Mutations affecting the mapping of RGC axons. All images shown in this figure are projections of optical sections obtained with a confocal microscope. (A) Retinotectal projection of a wild-type fish. The absolute position of the termination areas on the tectum cannot be seen, but the temporoventral axons (red) terminate anterior and dorsal of the nasodorsal axons (green), as is typical for a wild-type projection. For all the confocal images shown, the absolute positions of the termination fields has been ascertained using conventional fluorescence microscopy. (B) Retinotectal projection of another wild-type fish. In this animal, red axons are of nasoventral origin and terminate in the posterodorsal tectum (x). Note that the dorsal and ventral axons, although both originating in the nasal retina, still occupy different parts of the optic nerve (arrow). (C) In nev mutants, nasodorsal axons terminate posteroventrally (*) and posterodorsally (*′) in the tectum. Temporoventral axons terminate retinotopically in the anterodorsal tectum (x). The nasodorsal axons grow through both the ventral (arrow) and the dorsal (arrowheads) branch of the optic tract. RGC axons are already missorted in the optic nerve. Some of the temporoventral axons grow ectopically in the anterior portion of the optic nerve (double arrowheads). The inlet shows the optic nerve of another nev mutant individual showing a similar phenotype. (D) Another nev mutant fish. This picture shows more clearly that the nasodorsal axons grow in the ventral (arrow) and the dorsal (arrowhead) branches of the optic tract. The nasodorsal axons terminate again in the posteroventral (*) and posterodorsal (*′) tectum. Nasoventral axons (red) terminate retinotopically in the posteroventral tectum (x). (E) Nasoventral axons (red) in nev mutants always terminate correctly in the dorsal tectum (x), but reach their target area on meandering paths (arrowheads). A subpopulation of the nasoventral axons grows ectopically in the posterior portion of the optic nerve (arrow). Compare with B. In this individual, the nasodorsal axons terminate correctly in the ventral tectum, but the termination area is larger and fuzzier than in wild-type fish. (F) A woe mutant fish. Nasodorsal axons terminate on the ventral (*) and the dorsal (*′) side of the tectum. Note that the majority of the nasodorsal axons appear to terminate at the ectopic dorsal side. Temporoventral axons terminate retinotopically in the anterodorsal tectum (x). The RGC axons are normally sorted in the optic nerve (arrow) and tract (arrowhead), but the nasodorsal and the temporoventral fascicles cross each other further away from the eye than usual. The two branches of the tract itself are less widely searated than in wild-type animals. G: Another woe mutant fish. Nasodorsal axons (green) terminate again in the posteroventral (*) and the posterodorsal (*′) tectum. Nasodorsal axons split only upon reaching the tectum (arrow). Ectopic nasodorsal axons grow in several fascicles along the dorsal margin of the tectum (arrowheads). (H) Retinotectal projection of a gna mutant fish. The termination area of the nasodorsal axons is enlarged and encompasses posteroventral (*) and anteroventral (*′) parts of the tectum. The nasodorsal fascicle splits abruptly into several smaller fascicles upon reaching the tectum (arrows), some of which turn sharply dorsally before continuing to the posterior tectum (arrowhead). Temporoventral axons terminate correctly in the anterodorsal tectum (x). The sorting of the axons along the optic nerve and tract is normal. (I) In some gna mutant fish, nasodorsal axons terminate not only anteroventral (*′) and posteroventral (*), but also posterodorsal (*′′). (J) A mao mutant fish. The termination area, especially of the nasodorsal axons (*), is larger and fuzzier than in wild type. m, melanophore. Scale bar, 0.1 mm.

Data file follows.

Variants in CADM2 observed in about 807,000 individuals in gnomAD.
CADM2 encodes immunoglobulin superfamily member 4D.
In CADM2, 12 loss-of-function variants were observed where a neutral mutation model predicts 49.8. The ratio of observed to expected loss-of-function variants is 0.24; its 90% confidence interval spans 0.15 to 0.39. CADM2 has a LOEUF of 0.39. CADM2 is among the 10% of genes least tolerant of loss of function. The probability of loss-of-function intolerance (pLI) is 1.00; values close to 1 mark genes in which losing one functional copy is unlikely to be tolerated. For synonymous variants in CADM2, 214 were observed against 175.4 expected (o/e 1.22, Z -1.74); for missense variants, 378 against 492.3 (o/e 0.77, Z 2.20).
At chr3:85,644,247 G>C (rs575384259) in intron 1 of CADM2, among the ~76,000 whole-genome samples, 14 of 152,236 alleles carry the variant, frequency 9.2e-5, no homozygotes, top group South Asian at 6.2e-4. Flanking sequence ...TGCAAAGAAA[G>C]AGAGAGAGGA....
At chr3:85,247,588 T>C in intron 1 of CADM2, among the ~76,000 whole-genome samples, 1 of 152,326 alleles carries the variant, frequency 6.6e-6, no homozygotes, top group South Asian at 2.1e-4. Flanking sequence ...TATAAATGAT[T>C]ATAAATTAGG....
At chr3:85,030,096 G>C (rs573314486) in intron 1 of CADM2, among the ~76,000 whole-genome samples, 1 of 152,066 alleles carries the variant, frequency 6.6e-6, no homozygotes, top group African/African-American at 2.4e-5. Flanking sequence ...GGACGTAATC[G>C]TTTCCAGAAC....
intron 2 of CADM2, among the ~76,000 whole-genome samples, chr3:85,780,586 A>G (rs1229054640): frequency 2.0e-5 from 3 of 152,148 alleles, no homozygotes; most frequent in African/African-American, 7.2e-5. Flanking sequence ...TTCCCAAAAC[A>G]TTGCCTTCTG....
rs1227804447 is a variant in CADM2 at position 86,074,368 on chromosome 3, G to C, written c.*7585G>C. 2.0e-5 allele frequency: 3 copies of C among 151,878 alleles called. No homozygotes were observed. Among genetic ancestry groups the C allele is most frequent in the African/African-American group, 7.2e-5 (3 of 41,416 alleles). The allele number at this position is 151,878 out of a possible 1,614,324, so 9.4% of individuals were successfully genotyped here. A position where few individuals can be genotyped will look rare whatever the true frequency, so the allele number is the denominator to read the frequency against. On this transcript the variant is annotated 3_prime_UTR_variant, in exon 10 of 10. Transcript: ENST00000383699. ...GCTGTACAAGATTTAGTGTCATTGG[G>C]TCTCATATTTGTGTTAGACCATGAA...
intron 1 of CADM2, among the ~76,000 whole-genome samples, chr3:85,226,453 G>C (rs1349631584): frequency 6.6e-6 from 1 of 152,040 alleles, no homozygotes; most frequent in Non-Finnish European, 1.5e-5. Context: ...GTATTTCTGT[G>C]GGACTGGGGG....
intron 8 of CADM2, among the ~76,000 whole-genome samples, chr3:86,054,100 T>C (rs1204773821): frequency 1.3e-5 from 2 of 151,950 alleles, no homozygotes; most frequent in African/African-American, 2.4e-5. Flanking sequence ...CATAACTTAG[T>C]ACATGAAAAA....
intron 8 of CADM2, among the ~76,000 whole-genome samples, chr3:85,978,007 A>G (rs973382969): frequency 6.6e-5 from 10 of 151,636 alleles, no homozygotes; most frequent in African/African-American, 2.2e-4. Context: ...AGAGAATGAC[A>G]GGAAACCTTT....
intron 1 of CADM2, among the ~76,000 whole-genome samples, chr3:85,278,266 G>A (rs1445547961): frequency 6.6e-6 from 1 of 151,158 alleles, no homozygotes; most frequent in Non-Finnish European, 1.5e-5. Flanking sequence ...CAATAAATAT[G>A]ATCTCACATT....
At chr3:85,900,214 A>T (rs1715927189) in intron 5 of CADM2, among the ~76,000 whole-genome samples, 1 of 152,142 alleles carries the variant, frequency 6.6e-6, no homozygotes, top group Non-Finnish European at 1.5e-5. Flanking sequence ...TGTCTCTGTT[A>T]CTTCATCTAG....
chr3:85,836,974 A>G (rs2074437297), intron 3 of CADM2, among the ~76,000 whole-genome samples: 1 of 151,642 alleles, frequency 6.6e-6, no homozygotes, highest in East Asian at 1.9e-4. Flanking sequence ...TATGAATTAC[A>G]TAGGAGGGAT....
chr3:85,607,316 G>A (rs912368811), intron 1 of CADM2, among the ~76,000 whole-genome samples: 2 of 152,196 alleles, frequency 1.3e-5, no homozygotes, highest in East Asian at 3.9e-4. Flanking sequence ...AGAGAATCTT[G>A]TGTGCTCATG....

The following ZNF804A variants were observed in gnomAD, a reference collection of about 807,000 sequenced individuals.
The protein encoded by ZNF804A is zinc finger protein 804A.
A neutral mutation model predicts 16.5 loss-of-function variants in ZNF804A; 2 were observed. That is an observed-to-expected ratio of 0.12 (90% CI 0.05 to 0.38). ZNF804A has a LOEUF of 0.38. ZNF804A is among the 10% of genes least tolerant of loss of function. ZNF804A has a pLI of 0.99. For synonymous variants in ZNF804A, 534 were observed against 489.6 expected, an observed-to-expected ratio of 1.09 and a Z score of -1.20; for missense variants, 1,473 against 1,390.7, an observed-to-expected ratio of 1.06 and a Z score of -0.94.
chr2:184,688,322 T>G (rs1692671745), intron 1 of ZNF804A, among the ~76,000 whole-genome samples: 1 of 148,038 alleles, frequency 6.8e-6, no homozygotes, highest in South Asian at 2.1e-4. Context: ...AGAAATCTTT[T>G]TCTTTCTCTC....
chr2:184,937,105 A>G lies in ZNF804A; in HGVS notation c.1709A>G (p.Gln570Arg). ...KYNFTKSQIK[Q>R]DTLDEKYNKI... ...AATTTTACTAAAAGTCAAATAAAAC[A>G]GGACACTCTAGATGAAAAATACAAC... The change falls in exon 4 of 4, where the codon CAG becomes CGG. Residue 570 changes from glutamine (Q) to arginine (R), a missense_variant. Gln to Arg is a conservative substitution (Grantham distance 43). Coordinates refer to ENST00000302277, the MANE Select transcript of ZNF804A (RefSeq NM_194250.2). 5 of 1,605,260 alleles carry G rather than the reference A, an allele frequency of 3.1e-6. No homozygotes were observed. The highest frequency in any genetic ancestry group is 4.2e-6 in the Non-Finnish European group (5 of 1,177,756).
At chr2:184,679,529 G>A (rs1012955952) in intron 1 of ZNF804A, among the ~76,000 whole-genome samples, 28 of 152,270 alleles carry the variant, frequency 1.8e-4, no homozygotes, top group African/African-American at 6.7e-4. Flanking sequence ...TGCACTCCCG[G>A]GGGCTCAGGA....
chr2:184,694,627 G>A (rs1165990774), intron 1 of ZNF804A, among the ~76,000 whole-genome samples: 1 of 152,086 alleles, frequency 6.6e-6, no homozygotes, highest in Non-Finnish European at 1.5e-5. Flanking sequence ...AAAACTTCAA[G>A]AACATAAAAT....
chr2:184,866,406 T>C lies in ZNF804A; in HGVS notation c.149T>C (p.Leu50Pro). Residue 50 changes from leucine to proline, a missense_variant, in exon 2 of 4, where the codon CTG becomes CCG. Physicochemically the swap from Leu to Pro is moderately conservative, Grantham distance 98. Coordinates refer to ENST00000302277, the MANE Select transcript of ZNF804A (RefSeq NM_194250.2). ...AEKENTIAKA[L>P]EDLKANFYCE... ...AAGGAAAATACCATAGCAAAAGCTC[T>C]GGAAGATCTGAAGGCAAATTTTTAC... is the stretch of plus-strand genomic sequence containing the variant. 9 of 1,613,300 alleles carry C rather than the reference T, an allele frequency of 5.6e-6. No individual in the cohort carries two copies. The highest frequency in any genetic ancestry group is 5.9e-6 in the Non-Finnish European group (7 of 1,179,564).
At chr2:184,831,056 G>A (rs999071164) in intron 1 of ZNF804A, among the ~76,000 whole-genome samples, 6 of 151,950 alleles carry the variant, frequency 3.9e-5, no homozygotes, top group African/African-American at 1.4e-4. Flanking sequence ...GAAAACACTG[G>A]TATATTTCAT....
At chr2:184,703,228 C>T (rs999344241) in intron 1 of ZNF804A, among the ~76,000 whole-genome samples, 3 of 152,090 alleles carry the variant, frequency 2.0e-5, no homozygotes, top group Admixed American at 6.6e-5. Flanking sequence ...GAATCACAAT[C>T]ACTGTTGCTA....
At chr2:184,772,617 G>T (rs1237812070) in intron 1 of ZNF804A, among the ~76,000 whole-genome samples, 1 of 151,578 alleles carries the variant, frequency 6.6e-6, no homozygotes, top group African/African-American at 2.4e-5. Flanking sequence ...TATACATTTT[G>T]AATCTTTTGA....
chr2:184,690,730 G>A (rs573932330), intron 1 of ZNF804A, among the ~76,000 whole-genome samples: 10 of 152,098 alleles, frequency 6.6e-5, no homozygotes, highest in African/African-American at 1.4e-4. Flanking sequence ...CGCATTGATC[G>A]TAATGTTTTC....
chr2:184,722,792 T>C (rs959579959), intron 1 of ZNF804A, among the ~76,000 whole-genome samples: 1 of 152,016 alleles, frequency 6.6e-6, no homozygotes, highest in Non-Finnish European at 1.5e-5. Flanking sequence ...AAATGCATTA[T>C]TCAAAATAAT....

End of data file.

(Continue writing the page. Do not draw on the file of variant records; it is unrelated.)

Fig. 7

Nasoventral axons of a wild-type fish and of a nev mutant. Dorsal views of the tectal lobes, anterior is to the left. (A) In wildtype fish, nasoventral axons grow in straight, smoothly curved trajectories (arrows) on the dorsal side of the tectal lobe and terminate posterodorsally. (B) A nev mutant fish. Nasoventral axons terminate retinotopically (*), but they grow on tortous paths (arrows). m, melanophore. Scale bars, 0.1 mm.

Fig. 8

Mutations affecting tectal size. (A) Retinotectal projection of a wild-type fish. (B) Retinotectal projection of a noi mutant. The tectum (dotted line) is smaller than in wild-type fish. Temporoventral axons (arrow) project to the posterior margin of the tectal remnant (arrowheads). (C) Nasodorsal axons of a noi mutant. They pass the posterior end of the tectal remnant (dotted line) and grow caudally (arrows). (D) Retinotectal projection of a tin mutant. The tectum (dotted line) is tiny. Even in this tiny tectum, nasodorsal axons (green) project posterior and ventral of the temporoventral axons (red). m, melanophore. Scale bars, 0.1 mm.

Fig. 9

Mutations affecting the formation of termination fields. (A) Retinotectal projection of a wild-type fish. (B) Retinotectal projection of an esr mutant. Retinal axons form a thickening right behind the optic papilla (arrow). Although many axons are still seen in the optic tract, the termination fields of the RGC axons on the tectum are tiny (arrowheads). Nasodorsal axons are not seen in the posterior tectum (*). (C) Nasodorsal axons of esr. In this case, the nasodorsal axons reach the posterior margin of the tectum (approximate position marked by arrowheads). Their termination field is spread out and covers a larger area than usual. (D) Nasodorsal axons of blu. Upon reaching their target area in the posteroventral tectum, they arborize in a cauliflower-like fashion (arrowheads). (E) Retinotectal projection in a brd mutant. Many nasodorsal axons terminate prematurely already in the midventral tectum (arrowhead). Nasodorsal axons in the posteroventral tectum are marked by an arrow. m, melanophore. Scale bars, 0.1 mm.